Dental deep cleaning is known as scaling and root planing which involves special techniques to get rid of plaque, tartar, and bacteria below the gum line down to your tooth roots. This prevents gum disease from advancing and causing tooth loss. The goal of deep teeth cleaning is to stop the progression of gum disease.
How do I know if I need deep dental cleaning?
Deep cleaning is not necessary for every patient. However, for patients with gingivitis (the first stage of gum disease) or a more serious case of gum disease, deep cleaning may be required to prevent tooth loss and stop further damage.
Gum disease doesn’t always cause pain or show visible symptoms, which is why it can be difficult to know when you need a deep cleaning. However, some warning signs to look out for include:
- Consistently bad taste or breath
- Separating or loose permanent teeth
- Gums that easily bleed
- Gums that are swollen, red, or tender
- Gums that have pulled away from your teeth
Your dentist can also diagnose the problem at your regular check-up by using a probe to measure any pockets that have formed in the gums. They may also take x-rays to check for bone loss. If pockets are deeper than what can be treated with a standard cleaning and good at-home care, you will need deep cleaning to clear the infection and promote healing. You may need scaling and planning in just a few spots or the problem may be widespread.
What does a deep cleaning entail?
In scaling, your periodontist will use a hand-held dental scaler to manually scrape the plaque from your teeth above and below your gum line. They may also use an ultrasonic tool with a vibrating metal tip, plus a water spray to wash tartar away. Root planning is more of a rubbing motion, used to smooth rough spots on the roots of your teeth to make it harder for bacteria to stick to them in the future. Sometimes an antibiotic gel is applied to the teeth during the cleaning to kill hard-to-reach germs; other times, oral antibiotics or a special antibiotic mouth rinse might be prescribed. Unlike routine dental cleanings, this treatment requires two appointments, which allows us to treat half of your mouth at each visit.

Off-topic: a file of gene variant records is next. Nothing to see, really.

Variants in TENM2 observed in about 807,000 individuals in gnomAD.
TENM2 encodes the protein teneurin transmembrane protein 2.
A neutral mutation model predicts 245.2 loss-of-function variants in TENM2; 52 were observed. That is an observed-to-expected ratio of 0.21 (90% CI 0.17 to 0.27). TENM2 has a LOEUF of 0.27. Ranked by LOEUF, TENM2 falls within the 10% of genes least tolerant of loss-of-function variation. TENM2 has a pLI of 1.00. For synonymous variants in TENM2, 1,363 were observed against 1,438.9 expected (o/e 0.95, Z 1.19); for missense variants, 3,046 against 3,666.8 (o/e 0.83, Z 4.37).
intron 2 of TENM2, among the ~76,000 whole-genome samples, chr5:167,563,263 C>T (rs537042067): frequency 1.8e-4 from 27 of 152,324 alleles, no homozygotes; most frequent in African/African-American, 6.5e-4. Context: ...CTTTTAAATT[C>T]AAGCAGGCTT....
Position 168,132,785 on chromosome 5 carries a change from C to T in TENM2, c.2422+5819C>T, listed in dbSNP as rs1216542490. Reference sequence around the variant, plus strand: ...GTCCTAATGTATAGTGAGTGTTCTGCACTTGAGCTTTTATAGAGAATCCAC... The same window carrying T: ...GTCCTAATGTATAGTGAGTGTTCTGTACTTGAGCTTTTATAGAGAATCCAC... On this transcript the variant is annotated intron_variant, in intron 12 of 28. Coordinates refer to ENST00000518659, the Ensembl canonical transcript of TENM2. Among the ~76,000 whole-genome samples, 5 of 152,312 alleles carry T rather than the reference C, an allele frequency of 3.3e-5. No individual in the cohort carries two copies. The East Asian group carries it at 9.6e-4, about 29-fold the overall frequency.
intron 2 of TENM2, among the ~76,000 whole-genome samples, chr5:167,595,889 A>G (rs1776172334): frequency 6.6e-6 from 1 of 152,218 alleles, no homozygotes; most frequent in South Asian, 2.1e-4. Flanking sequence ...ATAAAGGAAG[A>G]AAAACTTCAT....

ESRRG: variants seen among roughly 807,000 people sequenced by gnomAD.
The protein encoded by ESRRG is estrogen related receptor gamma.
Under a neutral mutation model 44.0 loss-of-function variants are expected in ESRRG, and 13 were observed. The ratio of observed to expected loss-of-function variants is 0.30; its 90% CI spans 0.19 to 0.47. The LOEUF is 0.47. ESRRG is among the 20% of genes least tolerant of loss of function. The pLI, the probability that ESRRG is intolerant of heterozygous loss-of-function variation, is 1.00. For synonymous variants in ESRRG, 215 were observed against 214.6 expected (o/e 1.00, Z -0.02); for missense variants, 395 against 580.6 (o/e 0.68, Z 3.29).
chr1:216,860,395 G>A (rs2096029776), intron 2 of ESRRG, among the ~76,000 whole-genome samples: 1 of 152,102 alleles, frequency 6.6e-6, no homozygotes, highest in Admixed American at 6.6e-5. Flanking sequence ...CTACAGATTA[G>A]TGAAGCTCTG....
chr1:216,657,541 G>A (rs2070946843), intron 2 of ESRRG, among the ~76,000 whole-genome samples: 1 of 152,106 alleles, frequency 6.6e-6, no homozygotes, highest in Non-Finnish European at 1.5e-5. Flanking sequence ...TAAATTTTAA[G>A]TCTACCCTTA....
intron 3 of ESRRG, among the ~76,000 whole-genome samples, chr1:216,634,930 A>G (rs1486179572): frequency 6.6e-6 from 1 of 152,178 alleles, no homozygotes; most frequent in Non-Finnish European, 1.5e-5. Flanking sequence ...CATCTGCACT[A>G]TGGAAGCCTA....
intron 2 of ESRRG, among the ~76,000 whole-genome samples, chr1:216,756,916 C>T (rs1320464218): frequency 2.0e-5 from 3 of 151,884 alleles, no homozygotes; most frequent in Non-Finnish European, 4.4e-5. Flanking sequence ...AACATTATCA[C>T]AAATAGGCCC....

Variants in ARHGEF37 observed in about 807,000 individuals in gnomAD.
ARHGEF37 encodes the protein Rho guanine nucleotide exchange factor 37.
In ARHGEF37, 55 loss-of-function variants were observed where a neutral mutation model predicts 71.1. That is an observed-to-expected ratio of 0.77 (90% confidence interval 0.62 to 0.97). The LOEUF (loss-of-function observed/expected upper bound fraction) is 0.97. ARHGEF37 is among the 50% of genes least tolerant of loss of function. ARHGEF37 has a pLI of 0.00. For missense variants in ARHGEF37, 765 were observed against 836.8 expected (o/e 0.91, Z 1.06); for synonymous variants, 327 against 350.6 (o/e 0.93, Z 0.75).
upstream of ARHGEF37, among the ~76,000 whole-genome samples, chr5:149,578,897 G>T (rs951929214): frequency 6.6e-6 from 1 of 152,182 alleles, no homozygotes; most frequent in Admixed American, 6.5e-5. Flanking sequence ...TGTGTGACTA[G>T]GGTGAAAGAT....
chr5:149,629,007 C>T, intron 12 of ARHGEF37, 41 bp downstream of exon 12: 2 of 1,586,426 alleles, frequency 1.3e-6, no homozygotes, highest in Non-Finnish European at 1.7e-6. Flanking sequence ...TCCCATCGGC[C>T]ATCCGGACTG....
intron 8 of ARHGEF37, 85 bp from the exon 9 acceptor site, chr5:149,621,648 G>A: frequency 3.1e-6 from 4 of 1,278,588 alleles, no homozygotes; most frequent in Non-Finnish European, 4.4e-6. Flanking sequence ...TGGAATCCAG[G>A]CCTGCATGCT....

Does a deep cleaning hurt?
Scaling and planing can cause some discomfort, so a local anesthetic will be used to numb your gums during cleaning. Afterward, your gums will likely be a bit tender and might bleed slightly when you brush your teeth the first couple of days following the procedure. Your teeth may also be sensitive to hot or cold the first few days following treatment. Occasionally, it may take a few weeks before all sensitivity fades. Your dentist can recommend a mouth rinse or an over-the-counter pain reliever and desensitizing toothpaste can also help.
What happens after the procedure?
After a deep cleaning, you will be given home care instructions based on your individual situation. An appointment will likely be scheduled 4-6 weeks later to ensure you’re healing well. We may also suggest more frequent regular cleanings for a defined period of time. This is to prevent new infection and promote healing. You will continue to have the pocketing measured to ensure your gums are improving. Most patients respond very well to deep cleaning and, with good after care, see rapid improvement in the condition of their gums. Over time, pockets will shrink and your gums will be restored.
Learn More About Deep Cleanings
If your dentist has recommended a deep cleaning, or you’re experiencing symptoms of gum disease, don’t wait to contact our office. Call United Dental Group at 800-466-1648 and our team will be happy to answer any questions.